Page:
Coverage of Marley-Cannabis deal under investigation
The Marley Natural deal announced earlier last month has again been thrust into the spotlight. This time, a BBC Radio programme is being accused of 'glamourising' drug use based on its coverage of the deal involving the famous reggae family.
Ofcom, which is the United Kingdom's equivalent to the Broadcasting Commission in Jamaica, has launched an investigation into the BBC 4's Today programme, for a report carried on the Marley-Cannabis deal. According to online sources, the allegations against the radio programme surround whether it "glamourised" drug use in its report made on November 19. The broadcasting regulator is looking into whether the report "condoned, encouraged or glamourised the use of illegal substances". Ofcom made the announcement about the investigation on Tuesday.
UP IN SMOKE
During the Today show in question, business presenter Simon Jack spoke to the chief executive of the Seattle-based firm, Privateer Holdings (the company behind the venture) revealing details surrounding the deal. Since that interview last month, the reporter as well as the programme and the network have come under fire from persons who believe that they had not been fair in their reports on the matter. One such person is David Raynes, of the National Drugs Prevention Alliance. Raynes believes that, as a media house, the BBC's handling of the topic was irresponsible. "As a public service broadcaster, it (the BBC) has a duty to be fair and balanced,' he said. 'This (the cannabis issues) is not a straightforward issue, and they should have presented both sides of the story. People will be harmed because of the Marley cannabis brand. Some young people may be permanently damaged - and some may be encouraged to take the drug because of this irresponsible reporting."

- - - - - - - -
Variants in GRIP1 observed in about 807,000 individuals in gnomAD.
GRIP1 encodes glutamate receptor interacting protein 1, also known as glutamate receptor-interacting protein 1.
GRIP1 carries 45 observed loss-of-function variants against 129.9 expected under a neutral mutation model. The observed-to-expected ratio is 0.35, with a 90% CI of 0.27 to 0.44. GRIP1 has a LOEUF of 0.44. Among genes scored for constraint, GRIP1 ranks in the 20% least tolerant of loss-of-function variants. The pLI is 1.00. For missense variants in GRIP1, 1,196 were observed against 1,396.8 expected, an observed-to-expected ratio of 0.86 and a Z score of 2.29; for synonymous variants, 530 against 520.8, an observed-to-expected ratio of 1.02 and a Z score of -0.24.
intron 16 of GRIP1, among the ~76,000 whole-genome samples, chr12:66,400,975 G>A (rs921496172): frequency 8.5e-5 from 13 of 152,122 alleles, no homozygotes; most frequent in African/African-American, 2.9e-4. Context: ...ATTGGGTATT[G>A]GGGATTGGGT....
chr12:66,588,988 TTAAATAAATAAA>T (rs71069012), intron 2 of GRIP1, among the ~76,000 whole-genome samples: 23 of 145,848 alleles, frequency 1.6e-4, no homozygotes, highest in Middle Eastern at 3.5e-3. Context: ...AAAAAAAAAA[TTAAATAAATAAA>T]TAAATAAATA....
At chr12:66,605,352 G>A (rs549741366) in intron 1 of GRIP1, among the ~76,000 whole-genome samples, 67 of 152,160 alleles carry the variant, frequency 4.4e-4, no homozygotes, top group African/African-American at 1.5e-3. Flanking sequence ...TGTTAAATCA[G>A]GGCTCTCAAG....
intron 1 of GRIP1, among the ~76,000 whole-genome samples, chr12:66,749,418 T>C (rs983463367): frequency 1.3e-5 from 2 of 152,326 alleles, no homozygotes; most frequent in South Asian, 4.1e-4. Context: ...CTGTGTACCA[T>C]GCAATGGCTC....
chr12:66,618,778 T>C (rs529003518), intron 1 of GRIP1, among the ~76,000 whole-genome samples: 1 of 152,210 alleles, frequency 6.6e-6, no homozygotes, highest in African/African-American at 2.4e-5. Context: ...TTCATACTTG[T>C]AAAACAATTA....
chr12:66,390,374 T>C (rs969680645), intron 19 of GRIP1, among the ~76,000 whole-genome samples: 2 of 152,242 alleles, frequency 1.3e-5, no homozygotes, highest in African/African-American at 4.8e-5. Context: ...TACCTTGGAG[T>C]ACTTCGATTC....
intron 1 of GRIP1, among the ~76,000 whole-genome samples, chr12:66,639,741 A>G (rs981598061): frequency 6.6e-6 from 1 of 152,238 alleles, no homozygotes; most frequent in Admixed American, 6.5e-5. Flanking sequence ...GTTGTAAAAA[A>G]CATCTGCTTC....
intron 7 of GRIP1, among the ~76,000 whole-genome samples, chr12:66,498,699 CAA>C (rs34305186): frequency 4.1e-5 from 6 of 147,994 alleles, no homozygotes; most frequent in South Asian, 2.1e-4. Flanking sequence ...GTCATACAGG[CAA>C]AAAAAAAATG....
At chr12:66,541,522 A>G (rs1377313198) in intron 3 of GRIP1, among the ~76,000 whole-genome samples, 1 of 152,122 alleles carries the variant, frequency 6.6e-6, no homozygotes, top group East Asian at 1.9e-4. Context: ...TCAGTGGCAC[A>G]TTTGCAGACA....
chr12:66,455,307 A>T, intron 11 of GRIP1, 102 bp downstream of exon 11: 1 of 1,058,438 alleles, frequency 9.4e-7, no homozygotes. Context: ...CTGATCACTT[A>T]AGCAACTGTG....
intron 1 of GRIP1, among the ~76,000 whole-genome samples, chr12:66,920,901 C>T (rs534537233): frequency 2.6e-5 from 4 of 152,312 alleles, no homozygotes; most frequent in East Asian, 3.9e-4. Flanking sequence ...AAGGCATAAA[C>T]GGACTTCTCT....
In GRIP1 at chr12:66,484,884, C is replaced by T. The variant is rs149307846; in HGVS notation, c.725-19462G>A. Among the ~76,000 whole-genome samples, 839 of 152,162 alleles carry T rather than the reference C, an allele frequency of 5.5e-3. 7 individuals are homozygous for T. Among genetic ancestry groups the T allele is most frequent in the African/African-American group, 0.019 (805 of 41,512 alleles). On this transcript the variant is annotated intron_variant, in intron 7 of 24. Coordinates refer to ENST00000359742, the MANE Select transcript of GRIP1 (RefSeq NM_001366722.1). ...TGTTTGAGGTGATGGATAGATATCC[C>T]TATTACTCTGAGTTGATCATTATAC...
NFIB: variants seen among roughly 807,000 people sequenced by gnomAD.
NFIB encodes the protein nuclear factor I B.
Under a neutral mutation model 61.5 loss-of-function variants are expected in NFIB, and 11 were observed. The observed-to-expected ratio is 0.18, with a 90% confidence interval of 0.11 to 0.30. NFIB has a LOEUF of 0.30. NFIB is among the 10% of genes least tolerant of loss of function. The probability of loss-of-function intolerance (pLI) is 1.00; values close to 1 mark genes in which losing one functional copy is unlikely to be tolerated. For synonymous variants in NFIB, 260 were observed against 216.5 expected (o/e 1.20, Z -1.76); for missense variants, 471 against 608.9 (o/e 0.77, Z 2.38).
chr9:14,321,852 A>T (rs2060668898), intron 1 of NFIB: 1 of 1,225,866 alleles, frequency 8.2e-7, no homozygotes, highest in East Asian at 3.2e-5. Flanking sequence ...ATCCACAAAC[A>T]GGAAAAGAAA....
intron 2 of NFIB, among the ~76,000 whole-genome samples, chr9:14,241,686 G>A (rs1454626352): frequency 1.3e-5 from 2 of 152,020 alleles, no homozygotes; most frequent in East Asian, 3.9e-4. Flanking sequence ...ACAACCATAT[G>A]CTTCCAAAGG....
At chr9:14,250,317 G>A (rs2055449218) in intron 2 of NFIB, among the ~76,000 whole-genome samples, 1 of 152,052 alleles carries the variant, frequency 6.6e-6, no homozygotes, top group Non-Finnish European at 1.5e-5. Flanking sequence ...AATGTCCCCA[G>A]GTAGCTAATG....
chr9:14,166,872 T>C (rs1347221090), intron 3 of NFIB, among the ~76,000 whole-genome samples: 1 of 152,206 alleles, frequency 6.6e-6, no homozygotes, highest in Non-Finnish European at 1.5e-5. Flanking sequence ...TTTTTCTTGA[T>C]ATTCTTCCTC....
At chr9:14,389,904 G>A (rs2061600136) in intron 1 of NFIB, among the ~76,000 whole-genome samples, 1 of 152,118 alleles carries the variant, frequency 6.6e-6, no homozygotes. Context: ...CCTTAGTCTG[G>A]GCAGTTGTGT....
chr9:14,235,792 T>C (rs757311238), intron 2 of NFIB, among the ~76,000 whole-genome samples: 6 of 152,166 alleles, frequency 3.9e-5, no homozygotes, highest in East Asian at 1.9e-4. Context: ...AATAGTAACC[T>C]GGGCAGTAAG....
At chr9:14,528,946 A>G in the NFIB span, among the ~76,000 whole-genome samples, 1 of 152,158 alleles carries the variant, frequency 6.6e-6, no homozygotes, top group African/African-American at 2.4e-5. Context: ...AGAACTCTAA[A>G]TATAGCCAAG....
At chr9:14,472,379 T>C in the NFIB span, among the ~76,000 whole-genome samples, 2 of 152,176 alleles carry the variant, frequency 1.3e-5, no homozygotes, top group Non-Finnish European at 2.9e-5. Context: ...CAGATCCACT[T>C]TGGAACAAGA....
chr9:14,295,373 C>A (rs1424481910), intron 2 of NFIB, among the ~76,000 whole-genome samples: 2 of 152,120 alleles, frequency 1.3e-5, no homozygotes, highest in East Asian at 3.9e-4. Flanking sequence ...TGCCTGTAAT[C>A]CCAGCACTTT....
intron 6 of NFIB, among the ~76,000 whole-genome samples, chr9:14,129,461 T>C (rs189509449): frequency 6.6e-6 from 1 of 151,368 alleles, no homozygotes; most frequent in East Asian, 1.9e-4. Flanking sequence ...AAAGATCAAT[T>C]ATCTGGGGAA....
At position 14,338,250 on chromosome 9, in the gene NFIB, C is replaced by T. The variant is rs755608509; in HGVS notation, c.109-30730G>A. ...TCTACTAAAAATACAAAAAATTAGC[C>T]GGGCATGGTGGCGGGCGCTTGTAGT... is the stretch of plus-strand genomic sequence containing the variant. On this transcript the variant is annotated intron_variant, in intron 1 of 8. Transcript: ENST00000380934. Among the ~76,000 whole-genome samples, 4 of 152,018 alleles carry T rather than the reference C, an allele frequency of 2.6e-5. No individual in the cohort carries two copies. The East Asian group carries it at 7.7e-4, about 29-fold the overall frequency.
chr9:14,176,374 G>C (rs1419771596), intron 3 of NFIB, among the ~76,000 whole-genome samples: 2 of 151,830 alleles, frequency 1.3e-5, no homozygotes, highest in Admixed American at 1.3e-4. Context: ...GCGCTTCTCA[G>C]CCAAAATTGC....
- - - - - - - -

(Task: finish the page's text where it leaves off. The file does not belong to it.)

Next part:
Since news of the investigation broke, the BBC has responded to Ofcom, conceding that it could have done more to reflect the social impact of the substance in question.
Under the Marley brand, a range of cannabis products will be marketed and sold in countries where the substance has been legalised. The products will include Jamaican cannabis strains, cannabis - and hemp-infused creams, lip balms, as well as accessories, and are expected to go on sale next year.